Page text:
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## Indirect measurements

The case of quantities measured indirectly is conceptually very easy, as there is nothing to think'. Since all values of the quantities are associated with random numbers, the uncertainty on the input quantities is propagated to that of output quantities, making use of the rules of probability. Calling , and the generic quantities, the inferential scheme is: (2.4)

The problem of going from the probability density functions (p.d.f.'s) of and to that of makes use of probability calculus, which can become difficult, or impossible to do analytically, if p.d.f.'s or are complicated mathematical functions. Anyhow, it is interesting to note that the solution to the problem is, indeed, simple, at least in principle. In fact, is given, in the most general case, by d d (2.5)

where is the Dirac delta function. The formula can be easily extended to many variables, or even correlations can be taken into account (one needs only to replace the product of individual p.d.f.'s by a joint p.d.f.). Equation ( ) has a simple intuitive interpretation: the infinitesimal probability element depends on how many' (we are dealing with infinities!) elements contribute to it, each weighed with the p.d.f. calculated in the point . An alternative interpretation of Eq. ( ), very useful in applications, is to think of a Monte Carlo simulation, where all possible values of and enter with their distributions, and correlations are properly taken into account. The histogram of calculated from will `tend' to for a large number of generated events.2.16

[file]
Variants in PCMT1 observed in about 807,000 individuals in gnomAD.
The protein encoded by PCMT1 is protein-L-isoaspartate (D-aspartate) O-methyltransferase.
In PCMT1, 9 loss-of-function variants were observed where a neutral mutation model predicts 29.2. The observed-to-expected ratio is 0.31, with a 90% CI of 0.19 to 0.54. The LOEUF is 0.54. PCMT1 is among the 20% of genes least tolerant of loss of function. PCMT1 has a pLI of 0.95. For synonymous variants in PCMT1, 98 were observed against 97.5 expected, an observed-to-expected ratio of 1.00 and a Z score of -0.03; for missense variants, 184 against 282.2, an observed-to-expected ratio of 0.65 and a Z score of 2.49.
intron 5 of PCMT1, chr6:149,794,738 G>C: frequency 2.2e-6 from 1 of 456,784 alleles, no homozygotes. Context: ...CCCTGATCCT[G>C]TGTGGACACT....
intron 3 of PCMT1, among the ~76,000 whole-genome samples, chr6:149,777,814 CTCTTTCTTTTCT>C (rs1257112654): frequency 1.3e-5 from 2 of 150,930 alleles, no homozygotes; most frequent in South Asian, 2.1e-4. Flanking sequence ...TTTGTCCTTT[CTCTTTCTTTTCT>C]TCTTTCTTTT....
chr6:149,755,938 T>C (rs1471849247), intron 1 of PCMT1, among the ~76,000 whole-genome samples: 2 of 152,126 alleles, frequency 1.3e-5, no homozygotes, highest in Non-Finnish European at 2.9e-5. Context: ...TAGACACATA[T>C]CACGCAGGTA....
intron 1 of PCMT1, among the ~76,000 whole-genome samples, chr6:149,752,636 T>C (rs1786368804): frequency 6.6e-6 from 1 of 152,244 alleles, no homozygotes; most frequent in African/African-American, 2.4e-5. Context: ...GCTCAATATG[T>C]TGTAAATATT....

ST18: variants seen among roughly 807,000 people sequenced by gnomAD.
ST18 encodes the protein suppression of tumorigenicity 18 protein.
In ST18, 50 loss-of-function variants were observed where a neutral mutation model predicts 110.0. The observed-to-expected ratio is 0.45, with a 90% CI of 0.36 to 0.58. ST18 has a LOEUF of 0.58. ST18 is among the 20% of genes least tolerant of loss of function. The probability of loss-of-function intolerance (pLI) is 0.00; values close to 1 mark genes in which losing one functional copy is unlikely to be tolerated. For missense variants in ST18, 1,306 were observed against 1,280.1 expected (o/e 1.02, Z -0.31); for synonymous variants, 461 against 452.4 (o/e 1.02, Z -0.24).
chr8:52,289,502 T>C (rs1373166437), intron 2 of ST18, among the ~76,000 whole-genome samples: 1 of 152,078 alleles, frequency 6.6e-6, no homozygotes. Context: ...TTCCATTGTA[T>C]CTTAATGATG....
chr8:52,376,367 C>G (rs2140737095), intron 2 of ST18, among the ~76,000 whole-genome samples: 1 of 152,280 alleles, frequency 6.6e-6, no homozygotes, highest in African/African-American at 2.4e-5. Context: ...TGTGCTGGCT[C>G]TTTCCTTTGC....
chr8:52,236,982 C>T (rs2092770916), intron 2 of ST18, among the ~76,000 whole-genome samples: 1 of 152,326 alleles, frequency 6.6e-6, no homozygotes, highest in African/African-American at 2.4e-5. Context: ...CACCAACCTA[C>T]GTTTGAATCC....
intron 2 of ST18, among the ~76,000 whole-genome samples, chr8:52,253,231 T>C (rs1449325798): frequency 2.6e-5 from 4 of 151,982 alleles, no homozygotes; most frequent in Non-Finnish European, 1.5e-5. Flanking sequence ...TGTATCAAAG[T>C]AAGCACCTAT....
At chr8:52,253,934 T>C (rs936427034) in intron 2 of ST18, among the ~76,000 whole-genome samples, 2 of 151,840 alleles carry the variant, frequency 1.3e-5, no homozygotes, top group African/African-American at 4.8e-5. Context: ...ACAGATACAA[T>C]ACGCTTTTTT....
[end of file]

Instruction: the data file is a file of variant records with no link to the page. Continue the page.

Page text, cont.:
In routine cases the propagation is done in an approximate way, assuming linearization of and normal distribution of . Therefore only variances and covariances need to be calculated. The well-known error propagation formulae are recovered (Section ), but now with a well-defined probabilistic meaning.    Next: Systematic errors Up: Evaluation of uncertainty: general Previous: Direct measurement in the   Contents
Giulio D'Agostini 2003-05-15